A key challenge was determining the most appropriate primary pregnancy outcome measure. We selected a composite outcome of hard endpoints similar to those of other major GDM RCTs.1,2,21 We included significant macrosomia (birthweight ≥ 4.5 kg) as part of this composite because, when predicted by ultrasonography, this birthweight is a recognised threshold for obstetric intervention. Lower thresholds for particular groups (eg, Asians) have not been published. The specific neonatal primary outcome of neonatal lean body mass captures potential harm resulting from fetal undernutrition caused by overtreatment of GDM, a risk factor for future cardio-metabolic disease.13 We also included the specific maternal primary outcome of pre-eclampsia.1,2 Neonatal hypoglycaemia is included as a secondary outcome because of concern about consistency in its measurement at different sites.

The ethics of withholding diagnosis and deferring treatment of the booking GDM control women was discussed by the investigators, as in some centres these women would be treated, potentially improving pregnancy outcomes. On the other hand, fetal harm caused by overtreatment is also possible. As there is no conclusive evidence for the benefit of treating women with slightly elevated glucose levels during early pregnancy, we do not believe withholding immediate treatment from such women to be unethical.

It is nevertheless important to minimise potential harm, and all participants will be fully informed about both potential benefits and harms. Safety measures include:

  • Clinical staff may screen for GDM at any time at their discretion.

  • Women with a fasting glucose level of 6.1–6.9 mmol/L or ODIP will be excluded from the trial.

  • The OGTT is repeated at 24–28 weeks for all participants not already referred for GDM management.

  • Clinical staff are made aware that a significant proportion of women not referred for early treatment (two-thirds) are decoys, and that their continued participation should not promote early intervention.

  • After giving birth, all women who were diagnosed with GDM at any point during the study (including booking GDM control women with normal OGTT results at 24–28 weeks) will be advised of their OGTT results and the need for longer term follow-up, including an OGTT 6–12 weeks after delivery.

  • Heel-prick glucose assessment for babies of all women in the RCT and decoy groups will be undertaken, including those of women diagnosed with booking GDM and normal OGTT results at 24–28 weeks.

 

Most mothers are aware that collecting a screening heel-prick blood sample from all newborns is standard practice (for the Guthrie test). Similarly, mothers with GDM are aware of the importance of collecting a heel-prick blood sample to test for neonatal hypoglycaemia soon after birth, and opting out of this step will be an informed decision. However, participants not actively managed (decoys and most controls) will also provide consent for this extra heel-prick blood sample, as some women with booking GDM but normal OGTT results at 24–28 weeks might have fetuses at risk of neonatal hypoglycaemia. As a consequence of early GDM, fetal hyperinsulinaemia can normalise maternal glucose tolerance later in pregnancy through the fetal glucose steal phenomenon.22,23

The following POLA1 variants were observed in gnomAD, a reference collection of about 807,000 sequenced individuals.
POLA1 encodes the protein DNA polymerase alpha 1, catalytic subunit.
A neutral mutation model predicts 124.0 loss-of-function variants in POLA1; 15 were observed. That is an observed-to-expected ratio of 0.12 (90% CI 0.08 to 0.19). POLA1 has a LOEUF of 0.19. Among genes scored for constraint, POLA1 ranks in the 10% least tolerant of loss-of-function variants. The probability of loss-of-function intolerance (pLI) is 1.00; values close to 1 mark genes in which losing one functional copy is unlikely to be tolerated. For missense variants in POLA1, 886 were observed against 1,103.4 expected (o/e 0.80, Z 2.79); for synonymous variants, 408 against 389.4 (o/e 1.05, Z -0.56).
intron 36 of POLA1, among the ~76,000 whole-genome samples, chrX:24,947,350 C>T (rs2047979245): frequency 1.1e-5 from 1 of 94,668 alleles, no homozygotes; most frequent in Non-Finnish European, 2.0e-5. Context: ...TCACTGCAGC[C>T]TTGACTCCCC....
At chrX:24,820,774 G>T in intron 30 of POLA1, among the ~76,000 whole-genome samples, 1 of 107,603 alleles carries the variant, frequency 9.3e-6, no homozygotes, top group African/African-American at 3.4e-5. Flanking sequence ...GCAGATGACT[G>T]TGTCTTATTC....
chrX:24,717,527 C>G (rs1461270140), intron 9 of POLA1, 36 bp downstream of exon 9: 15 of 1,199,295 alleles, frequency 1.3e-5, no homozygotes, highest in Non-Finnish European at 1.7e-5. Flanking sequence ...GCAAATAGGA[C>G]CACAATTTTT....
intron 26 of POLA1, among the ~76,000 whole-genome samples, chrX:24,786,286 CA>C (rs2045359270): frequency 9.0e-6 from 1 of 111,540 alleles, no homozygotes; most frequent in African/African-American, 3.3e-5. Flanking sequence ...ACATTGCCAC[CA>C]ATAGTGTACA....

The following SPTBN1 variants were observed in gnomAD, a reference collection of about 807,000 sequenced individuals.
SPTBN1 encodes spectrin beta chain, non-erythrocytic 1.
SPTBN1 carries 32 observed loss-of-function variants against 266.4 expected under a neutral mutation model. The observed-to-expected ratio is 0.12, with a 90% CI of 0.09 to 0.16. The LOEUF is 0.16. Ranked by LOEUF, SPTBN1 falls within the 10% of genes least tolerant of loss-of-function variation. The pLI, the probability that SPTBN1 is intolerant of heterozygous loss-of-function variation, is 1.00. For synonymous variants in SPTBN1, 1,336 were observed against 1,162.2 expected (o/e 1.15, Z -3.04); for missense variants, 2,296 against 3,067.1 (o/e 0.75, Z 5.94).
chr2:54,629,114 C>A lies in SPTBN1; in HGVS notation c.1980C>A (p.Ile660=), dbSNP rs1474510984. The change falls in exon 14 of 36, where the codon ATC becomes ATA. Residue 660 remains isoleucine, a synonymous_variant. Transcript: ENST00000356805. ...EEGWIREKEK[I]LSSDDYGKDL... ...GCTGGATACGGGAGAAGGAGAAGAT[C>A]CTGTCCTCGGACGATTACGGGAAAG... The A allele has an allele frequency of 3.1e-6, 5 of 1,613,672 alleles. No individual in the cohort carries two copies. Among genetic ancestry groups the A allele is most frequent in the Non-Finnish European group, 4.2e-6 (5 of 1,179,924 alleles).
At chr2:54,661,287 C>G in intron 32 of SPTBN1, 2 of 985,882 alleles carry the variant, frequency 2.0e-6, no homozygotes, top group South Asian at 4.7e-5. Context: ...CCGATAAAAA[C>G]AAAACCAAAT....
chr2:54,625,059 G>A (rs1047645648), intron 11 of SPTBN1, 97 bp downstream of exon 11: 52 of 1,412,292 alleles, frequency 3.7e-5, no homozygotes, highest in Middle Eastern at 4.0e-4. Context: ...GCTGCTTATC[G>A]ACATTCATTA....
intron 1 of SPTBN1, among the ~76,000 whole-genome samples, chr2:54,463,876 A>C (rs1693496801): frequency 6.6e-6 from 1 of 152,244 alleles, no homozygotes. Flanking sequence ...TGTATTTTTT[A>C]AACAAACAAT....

In a sub-analysis by OGTT strata (HRV v LRV), we will prospectively investigate the benefits and harms of treating women with booking GDM. This analysis, together with an examination of the associations between booking glucose level, gestational age when commencing treatment, and adverse pregnancy outcomes across the whole cohort, should inform discussions about diagnostic thresholds if treatment is found to be beneficial. With continued follow-up of the chart-only and RCT control groups, it will be possible to undertake an epidemiological analysis of the association of booking glycaemia with adverse outcomes comparable with, but smaller than, the Hyperglycaemia and Adverse Outcomes (HAPO) study.24

In conclusion, TOBOGM is the first multi-centre RCT of the diagnosis and treatment of hyperglycaemia in pregnant women before 20 weeks’ gestation according to diagnostic criteria for GDM at 24–28 weeks. We will explore the effects of treatment on pregnancy outcomes for women and their babies. The study will define the prevalence and natural history of booking GDM, examine treatment effects, and evaluate the cost-effectiveness of the screening, diagnosis and treatment of booking GDM. We expect that the results of the trial will guide future practice.

Author contributions

David Simmons conceived the project, and drafted the initial trial design and this article. All co-authors contributed to the design of the study and the final manuscript. All authors have read and approved the final manuscript. David Simmons is guarantor.

Funding statement

The trial is funded by a grant from the National Health and Medical Research Council (APP1104231). Roche has provided meters for collecting blood glucose self-monitoring data from women attending the diabetes-in-pregnancy clinics.

Box 1 – The Treatment of Booking Gestational diabetes Mellitus (TOBOGM) study design


GDM = gestational diabetes mellitus; HbA1c = glycated haemoglobin; ODIP = overt diabetes in pregnancy; OGTT = oral glucose tolerance test; RCT = randomised control trial.

Box 2 – Categories of dysglycaemia by oral glucose tolerance test (OGTT) result

Category

OGTT value (mmol/L)


Fasting

One-hour

2-hour


Overt diabetes in pregnancy